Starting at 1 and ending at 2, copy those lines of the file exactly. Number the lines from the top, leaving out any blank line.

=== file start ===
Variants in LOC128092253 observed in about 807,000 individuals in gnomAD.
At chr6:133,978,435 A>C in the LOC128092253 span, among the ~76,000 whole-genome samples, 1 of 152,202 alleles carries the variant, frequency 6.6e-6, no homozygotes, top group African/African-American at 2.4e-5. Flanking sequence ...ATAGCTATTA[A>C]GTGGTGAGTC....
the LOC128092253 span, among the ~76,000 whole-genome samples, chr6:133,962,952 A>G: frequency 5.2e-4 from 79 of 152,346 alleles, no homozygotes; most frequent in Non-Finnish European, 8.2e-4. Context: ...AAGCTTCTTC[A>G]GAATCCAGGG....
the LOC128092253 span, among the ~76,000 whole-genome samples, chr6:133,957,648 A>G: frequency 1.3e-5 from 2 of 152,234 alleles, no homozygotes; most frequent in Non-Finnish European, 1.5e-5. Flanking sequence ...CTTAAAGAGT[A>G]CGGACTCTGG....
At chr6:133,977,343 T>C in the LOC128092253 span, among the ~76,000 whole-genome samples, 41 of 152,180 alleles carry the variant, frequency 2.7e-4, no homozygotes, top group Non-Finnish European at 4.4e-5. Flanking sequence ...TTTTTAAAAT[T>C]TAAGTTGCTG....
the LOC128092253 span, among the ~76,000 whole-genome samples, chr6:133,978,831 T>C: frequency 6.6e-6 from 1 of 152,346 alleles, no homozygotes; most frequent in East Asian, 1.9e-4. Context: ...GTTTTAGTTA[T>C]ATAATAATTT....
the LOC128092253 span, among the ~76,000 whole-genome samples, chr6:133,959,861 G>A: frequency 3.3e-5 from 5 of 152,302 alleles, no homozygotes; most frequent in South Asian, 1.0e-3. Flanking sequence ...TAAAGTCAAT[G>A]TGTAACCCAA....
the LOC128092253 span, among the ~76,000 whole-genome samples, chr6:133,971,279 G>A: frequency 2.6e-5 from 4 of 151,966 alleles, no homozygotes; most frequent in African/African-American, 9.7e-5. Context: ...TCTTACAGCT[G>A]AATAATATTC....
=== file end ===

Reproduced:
Variants in LOC128092253 observed in about 807,000 individuals in gnomAD.
At chr6:133,978,435 A>C in the LOC128092253 span, among the ~76,000 whole-genome samples, 1 of 152,202 alleles carries the variant, frequency 6.6e-6, no homozygotes, top group African/African-American at 2.4e-5. Flanking sequence ...ATAGCTATTA[A>C]GTGGTGAGTC....